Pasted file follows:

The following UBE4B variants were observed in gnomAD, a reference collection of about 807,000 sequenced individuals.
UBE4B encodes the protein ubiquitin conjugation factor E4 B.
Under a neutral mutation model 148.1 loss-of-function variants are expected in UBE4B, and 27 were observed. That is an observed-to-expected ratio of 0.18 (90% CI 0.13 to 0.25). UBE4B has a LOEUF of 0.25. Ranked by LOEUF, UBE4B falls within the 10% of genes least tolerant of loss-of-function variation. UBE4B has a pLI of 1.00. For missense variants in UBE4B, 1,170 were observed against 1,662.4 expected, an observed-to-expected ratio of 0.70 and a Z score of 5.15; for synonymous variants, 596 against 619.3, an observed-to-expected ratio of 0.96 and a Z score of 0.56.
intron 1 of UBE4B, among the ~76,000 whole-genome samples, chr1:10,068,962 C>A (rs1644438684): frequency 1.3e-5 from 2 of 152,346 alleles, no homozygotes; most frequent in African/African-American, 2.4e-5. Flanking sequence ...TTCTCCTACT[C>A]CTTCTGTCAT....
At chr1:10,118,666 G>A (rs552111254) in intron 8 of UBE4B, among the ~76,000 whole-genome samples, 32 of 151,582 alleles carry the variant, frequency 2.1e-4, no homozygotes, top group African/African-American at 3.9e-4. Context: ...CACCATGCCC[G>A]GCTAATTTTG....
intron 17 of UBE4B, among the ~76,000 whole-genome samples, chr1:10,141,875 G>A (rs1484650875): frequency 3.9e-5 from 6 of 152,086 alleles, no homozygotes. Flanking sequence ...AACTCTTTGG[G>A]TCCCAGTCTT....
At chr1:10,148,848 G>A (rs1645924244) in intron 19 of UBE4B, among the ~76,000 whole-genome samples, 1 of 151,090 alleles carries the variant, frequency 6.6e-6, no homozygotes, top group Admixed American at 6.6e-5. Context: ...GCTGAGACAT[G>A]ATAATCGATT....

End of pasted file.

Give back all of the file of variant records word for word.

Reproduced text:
The following UBE4B variants were observed in gnomAD, a reference collection of about 807,000 sequenced individuals.
UBE4B encodes the protein ubiquitin conjugation factor E4 B.
Under a neutral mutation model 148.1 loss-of-function variants are expected in UBE4B, and 27 were observed. That is an observed-to-expected ratio of 0.18 (90% CI 0.13 to 0.25). UBE4B has a LOEUF of 0.25. Ranked by LOEUF, UBE4B falls within the 10% of genes least tolerant of loss-of-function variation. UBE4B has a pLI of 1.00. For missense variants in UBE4B, 1,170 were observed against 1,662.4 expected, an observed-to-expected ratio of 0.70 and a Z score of 5.15; for synonymous variants, 596 against 619.3, an observed-to-expected ratio of 0.96 and a Z score of 0.56.
intron 1 of UBE4B, among the ~76,000 whole-genome samples, chr1:10,068,962 C>A (rs1644438684): frequency 1.3e-5 from 2 of 152,346 alleles, no homozygotes; most frequent in African/African-American, 2.4e-5. Flanking sequence ...TTCTCCTACT[C>A]CTTCTGTCAT....
At chr1:10,118,666 G>A (rs552111254) in intron 8 of UBE4B, among the ~76,000 whole-genome samples, 32 of 151,582 alleles carry the variant, frequency 2.1e-4, no homozygotes, top group African/African-American at 3.9e-4. Context: ...CACCATGCCC[G>A]GCTAATTTTG....
intron 17 of UBE4B, among the ~76,000 whole-genome samples, chr1:10,141,875 G>A (rs1484650875): frequency 3.9e-5 from 6 of 152,086 alleles, no homozygotes. Flanking sequence ...AACTCTTTGG[G>A]TCCCAGTCTT....
At chr1:10,148,848 G>A (rs1645924244) in intron 19 of UBE4B, among the ~76,000 whole-genome samples, 1 of 151,090 alleles carries the variant, frequency 6.6e-6, no homozygotes, top group Admixed American at 6.6e-5. Context: ...GCTGAGACAT[G>A]ATAATCGATT....